As a new retailer for Miss Mustard Seed’s Milk Paint, I like to try out all her new products, so was excited to receive the new Brush Soap and give it a road test!
I also got a hold of one of the new retailer Colour Boards – WOW! I found out that each of these little pieces of coloured board were hand painted and finished, and that hundreds were made for retailers all over the world! Good work ladies!
Now, when you come to a workshop or visit my space, you can choose from a range of colours that you can see the finished look of. This compliments my piano display stand featuring frames made in different colours displaying each of the four different finishes you’ll learn about in a MMSMP workshop.
Another new product available is a little whisk you can use for mixing your milk paint:
Now to the new Brush Soap: Here’s the cute packaging …
… and here’s the list of ingredients it contains for those who need to know that kind of thing:
I usually rinse my brushes out in water, as you do with any water based paints. And I pride myself in doing a good job of rinsing out as much paint as I can. So here’s a brush that I had sitting “clean” in my brush tin, ready to use next time:
See all the grunge still sitting in the bottom of the brush? And really, the brush hairs look like they are kinda sticking together a bit clumpish. So I’d heard that even dried up paint grunge in the bottom of your brush could be shifted with this new brush soap …
After running the brush and soap bar under a bit of water, I lathered the brush well rubbing it against the soap:
I also rubbed it into the palm of my hand in a circular motion. This soap is not bad for your hands either. Look at the lather below, and you may notice it is tinged a pinkish colour and was getting quite discoloured from the paint that had been left in the brush – must’ve been some Tricycle left in there at least!
Look at this … all clean, just a tinge of stained pigment in the base of the brush, but so much cleaner than before.
Let’s look at the before pic again (left) compared to the after pic (right):
Looks like it’s just had a shampoo and conditioning – LOL! If you could feel through through this blog, you’d be able to actually feel how amazingly soft and conditioned the brush feels after using the brush soap!
After you have washed your brush, you can wrap your bristles in either brown paper or I use a folded chux cloth, to keep them together as they dry. Looking after your natural bristled brushes will keep them in good use for so much longer.
I also gave my mini wax brush a good clean with the soap. I’m not sure if you can tell as much, but it was left with wax in it and looks a little clumpy because of this. I then washed with the brush soap, and here’s the clean brush all bristly and fluffy on the right:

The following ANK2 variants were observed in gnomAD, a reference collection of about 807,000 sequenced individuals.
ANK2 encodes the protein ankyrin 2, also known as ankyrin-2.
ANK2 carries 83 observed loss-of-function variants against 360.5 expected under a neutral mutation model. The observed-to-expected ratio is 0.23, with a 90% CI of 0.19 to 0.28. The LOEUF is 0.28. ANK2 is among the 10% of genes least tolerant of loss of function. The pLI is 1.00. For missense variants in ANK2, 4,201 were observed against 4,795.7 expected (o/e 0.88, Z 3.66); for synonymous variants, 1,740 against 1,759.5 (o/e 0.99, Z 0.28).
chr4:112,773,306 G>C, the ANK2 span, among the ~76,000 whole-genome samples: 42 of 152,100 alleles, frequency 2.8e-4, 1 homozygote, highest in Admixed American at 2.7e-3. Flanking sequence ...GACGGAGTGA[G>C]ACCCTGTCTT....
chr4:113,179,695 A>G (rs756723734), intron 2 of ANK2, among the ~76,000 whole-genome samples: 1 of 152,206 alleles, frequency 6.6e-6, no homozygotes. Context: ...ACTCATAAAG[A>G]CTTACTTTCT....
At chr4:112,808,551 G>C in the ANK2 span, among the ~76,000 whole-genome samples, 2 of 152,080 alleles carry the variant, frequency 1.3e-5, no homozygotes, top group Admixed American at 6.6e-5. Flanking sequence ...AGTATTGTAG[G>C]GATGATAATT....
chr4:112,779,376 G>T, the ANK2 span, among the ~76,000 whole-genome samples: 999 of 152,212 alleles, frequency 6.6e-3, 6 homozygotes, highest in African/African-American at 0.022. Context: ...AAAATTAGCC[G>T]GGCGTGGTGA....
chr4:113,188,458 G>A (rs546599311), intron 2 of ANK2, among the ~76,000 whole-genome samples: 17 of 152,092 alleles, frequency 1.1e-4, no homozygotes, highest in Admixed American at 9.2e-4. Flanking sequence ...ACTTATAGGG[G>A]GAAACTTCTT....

For my Australian subscribers, you can order any Miss Mustard Seed Milk Paint products, by clicking on the Product menu above. You’ll find brush soap and mixers in the accessories section.
MMSMP natural bristle brushes are also available in my online store (Aussie customers only).
To wrap up, here are some brush care tips from Miss Mustard Seed’s Milk Paint page:
Brush Care Tips
- Never leave your brushes soaking in a jar of water or solvent for any length of time. This will cause the natural bristles to swell and bend.
- Natural bristles are prone to breakage and minor shedding. Too much pressure on your brush during paint or wax application can increase these tendencies. Expect more shedding during the first few uses, but that will taper off as you use the brushes.
- Cleaning tips: Clean with a quality brush soap to not only clean, but condition the brush. Rub the brush gently in a circular motion in the palm of your hand to remove paint, wax or oil. Rinse well and wrap your brush in paper (construction or kraft paper works best but paper towels will do) and allow to thoroughly dry before use. This will help absorb excess moisture and keep the brush in its original shape.
- If a deep cleaning soak in mineral spirits is necessary, rinse with lacquer thinner after soaking to remove the oily residue, and finally clean with soap and water. Wrap your brush in paper (construction or kraft paper works best but paper towels will do) and allow to thoroughly dry before use.